Many of us were lucky enough to have had a special person in our youth who influenced us in significant ways–whether it as a teacher, coach, clergy member, best friend’s mother, or wise older teen who lived next door. Those people served as mentors, and possibly had an impact on who we later became and the direction we chose for our lives.
Today, a growing number of adoption agencies, support groups, and counseling services are incorporating mentoring programs into their range of services. These mentors are teen and adult adoptees who have confronted firsthand the questions, feelings, and experiences that their younger “mentees” now face. (For children and teens who were adopted internationally, it’s helpful–and healing–to have a mentor of the same race or culture.)
Though adoptive parents are encouraged to communicate with their children about adoption, many adopted teenagers are reluctant to share their innermost feelings, for fear of hurting their families. Some teens may not have the words to describe how they feel. A mentor often understands in a way that parents cannot, making a mentor a more likely confidante. And as teens communicate with mentors, and have their feelings validated, it often becomes easier for them to talk with their parents.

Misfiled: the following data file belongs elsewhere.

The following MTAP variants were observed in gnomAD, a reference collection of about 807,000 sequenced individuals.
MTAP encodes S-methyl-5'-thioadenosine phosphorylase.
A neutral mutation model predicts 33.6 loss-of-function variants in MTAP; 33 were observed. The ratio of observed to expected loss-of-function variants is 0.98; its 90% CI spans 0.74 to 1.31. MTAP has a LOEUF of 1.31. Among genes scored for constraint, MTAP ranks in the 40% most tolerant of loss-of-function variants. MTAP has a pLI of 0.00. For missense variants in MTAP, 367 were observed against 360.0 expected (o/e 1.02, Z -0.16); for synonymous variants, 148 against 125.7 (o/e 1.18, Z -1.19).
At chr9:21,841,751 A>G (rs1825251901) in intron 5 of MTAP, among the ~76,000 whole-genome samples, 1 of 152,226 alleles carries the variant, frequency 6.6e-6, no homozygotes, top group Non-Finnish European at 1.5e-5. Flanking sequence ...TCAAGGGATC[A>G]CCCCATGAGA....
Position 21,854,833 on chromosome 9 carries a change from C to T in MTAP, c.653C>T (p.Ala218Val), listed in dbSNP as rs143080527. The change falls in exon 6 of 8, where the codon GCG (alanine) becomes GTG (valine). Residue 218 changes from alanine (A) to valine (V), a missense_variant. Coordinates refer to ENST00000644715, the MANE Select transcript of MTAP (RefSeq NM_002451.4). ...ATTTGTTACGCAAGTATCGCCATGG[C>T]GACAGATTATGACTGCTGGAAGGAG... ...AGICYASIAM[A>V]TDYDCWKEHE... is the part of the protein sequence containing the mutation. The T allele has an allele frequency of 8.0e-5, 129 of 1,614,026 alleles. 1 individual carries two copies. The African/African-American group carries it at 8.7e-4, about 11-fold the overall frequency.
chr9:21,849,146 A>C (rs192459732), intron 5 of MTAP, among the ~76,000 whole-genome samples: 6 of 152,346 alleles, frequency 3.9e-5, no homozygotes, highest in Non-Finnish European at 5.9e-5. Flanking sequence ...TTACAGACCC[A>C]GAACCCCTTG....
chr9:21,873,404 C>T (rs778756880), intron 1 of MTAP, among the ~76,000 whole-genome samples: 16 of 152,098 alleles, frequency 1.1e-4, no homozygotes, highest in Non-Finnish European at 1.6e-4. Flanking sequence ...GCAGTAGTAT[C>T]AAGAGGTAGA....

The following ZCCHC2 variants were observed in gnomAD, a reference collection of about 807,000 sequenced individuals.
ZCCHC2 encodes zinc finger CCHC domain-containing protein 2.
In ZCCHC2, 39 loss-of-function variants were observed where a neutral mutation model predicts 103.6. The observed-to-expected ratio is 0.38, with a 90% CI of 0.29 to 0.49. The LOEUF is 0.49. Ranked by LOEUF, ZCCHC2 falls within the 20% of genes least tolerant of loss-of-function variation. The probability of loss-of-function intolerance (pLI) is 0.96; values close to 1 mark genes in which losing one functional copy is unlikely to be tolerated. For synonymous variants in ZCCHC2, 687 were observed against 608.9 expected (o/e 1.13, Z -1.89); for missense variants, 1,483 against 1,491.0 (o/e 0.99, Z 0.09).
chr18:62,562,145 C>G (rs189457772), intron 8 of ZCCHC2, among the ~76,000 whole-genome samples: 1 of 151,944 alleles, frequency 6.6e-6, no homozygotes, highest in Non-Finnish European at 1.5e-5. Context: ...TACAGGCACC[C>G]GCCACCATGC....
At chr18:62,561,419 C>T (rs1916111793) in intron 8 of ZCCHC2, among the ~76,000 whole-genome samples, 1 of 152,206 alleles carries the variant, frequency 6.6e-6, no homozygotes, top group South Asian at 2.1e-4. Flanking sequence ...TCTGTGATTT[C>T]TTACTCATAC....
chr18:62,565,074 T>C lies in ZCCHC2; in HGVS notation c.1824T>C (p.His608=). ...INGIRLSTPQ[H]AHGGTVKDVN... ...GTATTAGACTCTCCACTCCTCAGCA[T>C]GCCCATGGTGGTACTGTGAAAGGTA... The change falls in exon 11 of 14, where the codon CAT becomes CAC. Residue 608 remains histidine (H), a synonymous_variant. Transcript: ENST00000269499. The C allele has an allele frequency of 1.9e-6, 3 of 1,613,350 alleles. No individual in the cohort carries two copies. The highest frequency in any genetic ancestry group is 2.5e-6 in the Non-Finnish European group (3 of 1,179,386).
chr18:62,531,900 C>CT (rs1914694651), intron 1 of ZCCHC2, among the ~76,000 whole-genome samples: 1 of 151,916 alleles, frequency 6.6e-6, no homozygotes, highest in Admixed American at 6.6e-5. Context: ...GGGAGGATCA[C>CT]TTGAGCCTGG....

Teen Role Models
In some cases, adopted teens are mentors themselves. At The Center for Adoption Support and Education’s annual Kids Adoption Network Conference, teens assist in children’s workshops and sometimes share their adoption stories in group discussions. Carol, 16, a longtime conference participant, says, “It’s awesome to talk to the younger children–I feel so much compassion for them. I also like knowing that, while I still have my own fears and doubts, I can help adopted kids feel proud of who they are.”
Jane Brown, a social worker and adoption education, is the creator of a program called Adoption Playshops for Children, which serves kids ages five to 13. During the “playshops,” adult adoptees play with children, share glimpses of their won childhoods, and talk about their current lives. “Junior mentors”–preteens and teens–also play an important role, by helping out with kids, talking with them informally, and serving as role models. What’s best, Brown says, is that teens learn that their life experiences can be helpful to young adoptees.
All mentors benefit from their ability to give of themselves. Whether it’s through knowing they’ve helped someone or the joy of experiencing a caring bond, mentors can achieve personal growth and fulfillment.